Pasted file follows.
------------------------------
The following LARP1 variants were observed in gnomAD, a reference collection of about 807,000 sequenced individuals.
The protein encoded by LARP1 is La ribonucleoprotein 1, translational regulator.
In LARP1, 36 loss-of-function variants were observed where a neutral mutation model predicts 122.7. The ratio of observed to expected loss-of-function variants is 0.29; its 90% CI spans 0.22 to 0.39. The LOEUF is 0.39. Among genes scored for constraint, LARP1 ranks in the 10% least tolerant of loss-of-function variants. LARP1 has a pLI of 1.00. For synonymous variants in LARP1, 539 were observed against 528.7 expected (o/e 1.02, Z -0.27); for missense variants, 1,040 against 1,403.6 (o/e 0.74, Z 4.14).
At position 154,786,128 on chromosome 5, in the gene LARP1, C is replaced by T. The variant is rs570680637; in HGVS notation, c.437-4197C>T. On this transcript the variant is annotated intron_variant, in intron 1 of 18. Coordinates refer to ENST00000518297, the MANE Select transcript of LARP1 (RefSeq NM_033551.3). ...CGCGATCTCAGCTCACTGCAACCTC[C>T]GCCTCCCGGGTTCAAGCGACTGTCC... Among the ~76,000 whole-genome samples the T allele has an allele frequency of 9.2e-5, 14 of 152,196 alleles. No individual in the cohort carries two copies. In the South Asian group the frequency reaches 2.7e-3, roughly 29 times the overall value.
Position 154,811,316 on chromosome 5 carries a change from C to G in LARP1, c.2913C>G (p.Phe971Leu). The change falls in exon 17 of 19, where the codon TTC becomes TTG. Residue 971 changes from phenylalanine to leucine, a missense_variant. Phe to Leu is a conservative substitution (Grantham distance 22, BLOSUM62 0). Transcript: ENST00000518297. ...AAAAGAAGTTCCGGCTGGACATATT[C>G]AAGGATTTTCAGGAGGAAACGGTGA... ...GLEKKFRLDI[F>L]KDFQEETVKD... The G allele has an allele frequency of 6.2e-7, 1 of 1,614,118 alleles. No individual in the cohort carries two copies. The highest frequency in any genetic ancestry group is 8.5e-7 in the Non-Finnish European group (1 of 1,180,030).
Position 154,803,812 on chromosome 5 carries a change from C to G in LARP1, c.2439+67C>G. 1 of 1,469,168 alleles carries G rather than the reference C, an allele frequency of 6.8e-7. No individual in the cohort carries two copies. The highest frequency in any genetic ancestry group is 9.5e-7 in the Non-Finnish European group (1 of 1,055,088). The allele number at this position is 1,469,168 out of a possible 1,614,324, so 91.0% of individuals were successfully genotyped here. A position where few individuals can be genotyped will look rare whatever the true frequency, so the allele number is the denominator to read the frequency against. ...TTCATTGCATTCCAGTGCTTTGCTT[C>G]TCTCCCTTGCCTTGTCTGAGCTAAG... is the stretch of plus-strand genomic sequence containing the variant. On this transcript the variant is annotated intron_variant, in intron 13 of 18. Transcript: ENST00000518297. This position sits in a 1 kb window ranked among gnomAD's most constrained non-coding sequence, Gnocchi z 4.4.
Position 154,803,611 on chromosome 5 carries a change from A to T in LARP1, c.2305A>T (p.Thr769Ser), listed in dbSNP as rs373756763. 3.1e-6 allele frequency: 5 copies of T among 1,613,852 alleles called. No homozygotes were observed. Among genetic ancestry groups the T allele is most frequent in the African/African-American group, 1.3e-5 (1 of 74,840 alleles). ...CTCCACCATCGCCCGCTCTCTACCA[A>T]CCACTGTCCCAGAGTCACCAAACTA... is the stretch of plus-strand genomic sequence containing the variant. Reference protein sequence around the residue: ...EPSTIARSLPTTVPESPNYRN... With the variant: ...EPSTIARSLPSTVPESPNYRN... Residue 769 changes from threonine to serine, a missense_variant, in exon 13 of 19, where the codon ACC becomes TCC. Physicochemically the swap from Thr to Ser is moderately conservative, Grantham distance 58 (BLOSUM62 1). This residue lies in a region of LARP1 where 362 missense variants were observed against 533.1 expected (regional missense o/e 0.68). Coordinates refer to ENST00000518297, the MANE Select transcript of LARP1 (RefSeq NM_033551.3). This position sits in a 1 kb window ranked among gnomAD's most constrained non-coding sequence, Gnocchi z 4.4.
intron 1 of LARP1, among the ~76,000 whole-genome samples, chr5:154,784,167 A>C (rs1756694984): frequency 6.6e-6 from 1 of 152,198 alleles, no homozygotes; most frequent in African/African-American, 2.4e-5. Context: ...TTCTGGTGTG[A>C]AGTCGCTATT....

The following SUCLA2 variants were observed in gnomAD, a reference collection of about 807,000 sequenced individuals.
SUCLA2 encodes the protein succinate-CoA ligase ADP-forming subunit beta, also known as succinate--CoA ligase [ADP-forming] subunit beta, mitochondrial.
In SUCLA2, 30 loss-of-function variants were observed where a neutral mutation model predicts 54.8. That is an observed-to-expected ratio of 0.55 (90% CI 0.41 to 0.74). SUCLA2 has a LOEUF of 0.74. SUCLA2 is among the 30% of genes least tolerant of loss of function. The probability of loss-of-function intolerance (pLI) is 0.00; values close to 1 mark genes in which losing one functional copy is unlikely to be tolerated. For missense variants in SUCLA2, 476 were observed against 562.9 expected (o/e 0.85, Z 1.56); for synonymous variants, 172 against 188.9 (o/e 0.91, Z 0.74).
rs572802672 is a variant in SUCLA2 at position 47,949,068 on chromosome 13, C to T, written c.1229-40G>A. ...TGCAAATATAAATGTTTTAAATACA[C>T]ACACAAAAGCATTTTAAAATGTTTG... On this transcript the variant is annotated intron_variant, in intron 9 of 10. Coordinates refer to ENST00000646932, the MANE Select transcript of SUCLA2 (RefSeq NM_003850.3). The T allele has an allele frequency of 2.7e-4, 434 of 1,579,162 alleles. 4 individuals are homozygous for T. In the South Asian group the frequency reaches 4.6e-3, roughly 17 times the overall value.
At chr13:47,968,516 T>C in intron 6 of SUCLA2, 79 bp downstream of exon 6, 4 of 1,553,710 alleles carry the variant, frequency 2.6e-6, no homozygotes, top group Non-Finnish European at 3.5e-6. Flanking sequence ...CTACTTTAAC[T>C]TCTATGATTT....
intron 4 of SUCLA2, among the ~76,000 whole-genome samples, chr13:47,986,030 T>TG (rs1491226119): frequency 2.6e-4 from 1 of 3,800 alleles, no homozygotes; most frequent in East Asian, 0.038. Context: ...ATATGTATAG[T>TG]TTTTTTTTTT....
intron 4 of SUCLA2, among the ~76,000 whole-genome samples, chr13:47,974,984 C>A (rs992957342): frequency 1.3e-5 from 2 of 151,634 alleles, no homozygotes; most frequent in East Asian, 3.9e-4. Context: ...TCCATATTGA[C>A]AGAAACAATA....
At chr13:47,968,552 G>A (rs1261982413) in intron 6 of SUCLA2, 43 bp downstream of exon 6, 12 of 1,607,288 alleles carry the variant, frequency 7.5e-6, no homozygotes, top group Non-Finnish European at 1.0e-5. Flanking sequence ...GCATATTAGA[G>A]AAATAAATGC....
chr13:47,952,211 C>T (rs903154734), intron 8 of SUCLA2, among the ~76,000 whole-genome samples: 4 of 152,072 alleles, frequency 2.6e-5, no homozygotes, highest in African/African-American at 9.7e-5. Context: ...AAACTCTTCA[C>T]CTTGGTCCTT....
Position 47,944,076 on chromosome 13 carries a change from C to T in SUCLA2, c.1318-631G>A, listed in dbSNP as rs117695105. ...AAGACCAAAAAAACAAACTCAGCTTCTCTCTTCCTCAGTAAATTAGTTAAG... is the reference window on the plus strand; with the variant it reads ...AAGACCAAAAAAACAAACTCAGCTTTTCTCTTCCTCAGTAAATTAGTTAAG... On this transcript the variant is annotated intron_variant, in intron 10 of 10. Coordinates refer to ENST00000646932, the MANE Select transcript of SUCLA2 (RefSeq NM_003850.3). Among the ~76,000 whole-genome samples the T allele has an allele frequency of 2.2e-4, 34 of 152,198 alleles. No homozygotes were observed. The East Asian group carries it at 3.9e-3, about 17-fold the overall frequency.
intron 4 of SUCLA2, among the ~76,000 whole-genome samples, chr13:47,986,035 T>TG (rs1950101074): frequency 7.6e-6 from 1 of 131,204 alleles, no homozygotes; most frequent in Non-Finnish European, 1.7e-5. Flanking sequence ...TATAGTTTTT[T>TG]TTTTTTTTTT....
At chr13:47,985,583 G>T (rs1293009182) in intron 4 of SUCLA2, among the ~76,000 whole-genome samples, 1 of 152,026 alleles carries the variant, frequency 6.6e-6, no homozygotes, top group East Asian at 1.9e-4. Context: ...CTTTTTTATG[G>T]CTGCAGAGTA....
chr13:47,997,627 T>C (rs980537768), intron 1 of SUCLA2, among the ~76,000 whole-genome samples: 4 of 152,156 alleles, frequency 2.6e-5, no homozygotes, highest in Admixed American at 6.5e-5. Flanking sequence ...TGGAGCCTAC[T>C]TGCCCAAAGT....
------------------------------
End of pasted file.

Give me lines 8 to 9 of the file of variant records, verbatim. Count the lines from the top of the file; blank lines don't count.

intron 1 of LARP1, among the ~76,000 whole-genome samples, chr5:154,784,167 A>C (rs1756694984): frequency 6.6e-6 from 1 of 152,198 alleles, no homozygotes; most frequent in African/African-American, 2.4e-5. Context: ...TTCTGGTGTG[A>C]AGTCGCTATT....

The following SUCLA2 variants were observed in gnomAD, a reference collection of about 807,000 sequenced individuals.